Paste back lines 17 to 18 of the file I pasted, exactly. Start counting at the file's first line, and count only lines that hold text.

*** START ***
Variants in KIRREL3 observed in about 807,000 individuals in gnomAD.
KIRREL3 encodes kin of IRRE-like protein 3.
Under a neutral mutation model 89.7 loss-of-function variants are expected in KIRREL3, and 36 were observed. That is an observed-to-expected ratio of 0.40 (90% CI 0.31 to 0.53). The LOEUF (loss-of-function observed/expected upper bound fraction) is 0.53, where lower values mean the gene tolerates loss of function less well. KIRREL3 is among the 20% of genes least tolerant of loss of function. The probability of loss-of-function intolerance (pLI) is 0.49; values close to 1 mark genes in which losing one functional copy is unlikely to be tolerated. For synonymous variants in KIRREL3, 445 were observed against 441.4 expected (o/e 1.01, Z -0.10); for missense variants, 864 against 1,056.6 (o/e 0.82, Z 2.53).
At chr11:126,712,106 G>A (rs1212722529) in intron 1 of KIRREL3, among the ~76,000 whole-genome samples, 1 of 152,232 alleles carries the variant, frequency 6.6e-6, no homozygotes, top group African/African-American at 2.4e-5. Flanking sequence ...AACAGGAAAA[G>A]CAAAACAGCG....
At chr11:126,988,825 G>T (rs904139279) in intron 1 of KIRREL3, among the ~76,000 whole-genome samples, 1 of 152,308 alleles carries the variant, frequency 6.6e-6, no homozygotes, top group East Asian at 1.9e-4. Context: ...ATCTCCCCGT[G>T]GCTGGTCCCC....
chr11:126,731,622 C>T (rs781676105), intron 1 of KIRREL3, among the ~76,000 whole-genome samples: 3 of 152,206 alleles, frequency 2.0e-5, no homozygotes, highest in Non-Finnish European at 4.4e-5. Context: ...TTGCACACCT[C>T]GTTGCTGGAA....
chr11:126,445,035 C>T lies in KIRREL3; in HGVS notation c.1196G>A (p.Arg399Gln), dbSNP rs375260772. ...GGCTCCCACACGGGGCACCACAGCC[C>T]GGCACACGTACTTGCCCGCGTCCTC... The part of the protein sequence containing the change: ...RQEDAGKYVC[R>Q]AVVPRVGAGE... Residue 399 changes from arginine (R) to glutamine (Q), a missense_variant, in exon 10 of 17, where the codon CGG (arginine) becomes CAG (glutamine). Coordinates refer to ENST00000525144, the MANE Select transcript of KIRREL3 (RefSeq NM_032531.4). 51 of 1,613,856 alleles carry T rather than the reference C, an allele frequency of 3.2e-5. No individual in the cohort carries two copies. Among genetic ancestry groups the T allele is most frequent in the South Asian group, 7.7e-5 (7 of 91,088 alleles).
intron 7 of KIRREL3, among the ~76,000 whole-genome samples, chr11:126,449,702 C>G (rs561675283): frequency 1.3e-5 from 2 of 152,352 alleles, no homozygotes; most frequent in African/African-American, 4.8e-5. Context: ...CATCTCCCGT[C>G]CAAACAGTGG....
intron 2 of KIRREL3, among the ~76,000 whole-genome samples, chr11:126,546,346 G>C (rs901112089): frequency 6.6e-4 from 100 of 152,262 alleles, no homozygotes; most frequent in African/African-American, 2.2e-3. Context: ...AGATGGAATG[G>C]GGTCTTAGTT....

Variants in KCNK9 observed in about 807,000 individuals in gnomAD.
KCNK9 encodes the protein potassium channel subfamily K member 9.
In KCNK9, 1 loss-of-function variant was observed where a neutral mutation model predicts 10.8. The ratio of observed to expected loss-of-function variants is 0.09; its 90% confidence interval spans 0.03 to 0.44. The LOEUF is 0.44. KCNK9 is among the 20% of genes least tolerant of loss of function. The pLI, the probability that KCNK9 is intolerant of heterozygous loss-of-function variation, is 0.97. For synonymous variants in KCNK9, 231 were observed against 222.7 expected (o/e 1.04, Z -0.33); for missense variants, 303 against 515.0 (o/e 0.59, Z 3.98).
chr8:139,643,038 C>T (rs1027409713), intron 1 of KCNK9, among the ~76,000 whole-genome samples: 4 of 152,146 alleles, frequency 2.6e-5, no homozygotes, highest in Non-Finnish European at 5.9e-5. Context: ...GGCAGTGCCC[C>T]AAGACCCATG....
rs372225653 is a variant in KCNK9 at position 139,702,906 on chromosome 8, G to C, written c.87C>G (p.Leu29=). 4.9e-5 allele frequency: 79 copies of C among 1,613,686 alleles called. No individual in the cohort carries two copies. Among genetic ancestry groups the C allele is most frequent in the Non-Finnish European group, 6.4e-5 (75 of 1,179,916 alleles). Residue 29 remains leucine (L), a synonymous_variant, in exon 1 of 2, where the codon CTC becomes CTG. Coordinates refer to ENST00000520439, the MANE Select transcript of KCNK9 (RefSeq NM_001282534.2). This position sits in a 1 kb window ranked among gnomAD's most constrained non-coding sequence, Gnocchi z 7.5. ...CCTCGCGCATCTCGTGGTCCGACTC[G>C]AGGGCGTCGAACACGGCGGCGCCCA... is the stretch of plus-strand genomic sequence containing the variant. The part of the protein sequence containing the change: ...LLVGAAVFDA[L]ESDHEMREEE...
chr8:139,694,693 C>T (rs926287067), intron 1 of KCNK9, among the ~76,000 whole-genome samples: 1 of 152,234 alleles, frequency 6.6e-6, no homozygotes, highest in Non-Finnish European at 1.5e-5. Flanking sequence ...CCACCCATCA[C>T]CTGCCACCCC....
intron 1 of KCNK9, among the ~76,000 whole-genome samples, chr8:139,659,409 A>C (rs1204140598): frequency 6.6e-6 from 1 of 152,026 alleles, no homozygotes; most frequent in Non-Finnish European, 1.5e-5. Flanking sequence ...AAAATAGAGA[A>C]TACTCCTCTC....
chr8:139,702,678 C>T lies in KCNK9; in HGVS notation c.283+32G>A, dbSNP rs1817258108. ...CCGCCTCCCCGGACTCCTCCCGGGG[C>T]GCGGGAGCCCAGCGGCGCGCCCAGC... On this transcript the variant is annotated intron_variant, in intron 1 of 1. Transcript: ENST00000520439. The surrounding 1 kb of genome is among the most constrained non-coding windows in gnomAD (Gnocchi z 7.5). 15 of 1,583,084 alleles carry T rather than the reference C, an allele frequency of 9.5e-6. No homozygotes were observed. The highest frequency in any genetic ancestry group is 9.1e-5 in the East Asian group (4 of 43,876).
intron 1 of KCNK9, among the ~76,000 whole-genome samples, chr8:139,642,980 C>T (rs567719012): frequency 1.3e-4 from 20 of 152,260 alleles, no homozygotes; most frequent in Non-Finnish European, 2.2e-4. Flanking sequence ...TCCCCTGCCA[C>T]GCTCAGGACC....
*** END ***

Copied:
chr8:139,702,678 C>T lies in KCNK9; in HGVS notation c.283+32G>A, dbSNP rs1817258108. ...CCGCCTCCCCGGACTCCTCCCGGGG[C>T]GCGGGAGCCCAGCGGCGCGCCCAGC... On this transcript the variant is annotated intron_variant, in intron 1 of 1. Transcript: ENST00000520439. The surrounding 1 kb of genome is among the most constrained non-coding windows in gnomAD (Gnocchi z 7.5). 15 of 1,583,084 alleles carry T rather than the reference C, an allele frequency of 9.5e-6. No homozygotes were observed. The highest frequency in any genetic ancestry group is 9.1e-5 in the East Asian group (4 of 43,876).
intron 1 of KCNK9, among the ~76,000 whole-genome samples, chr8:139,642,980 C>T (rs567719012): frequency 1.3e-4 from 20 of 152,260 alleles, no homozygotes; most frequent in Non-Finnish European, 2.2e-4. Flanking sequence ...TCCCCTGCCA[C>T]GCTCAGGACC....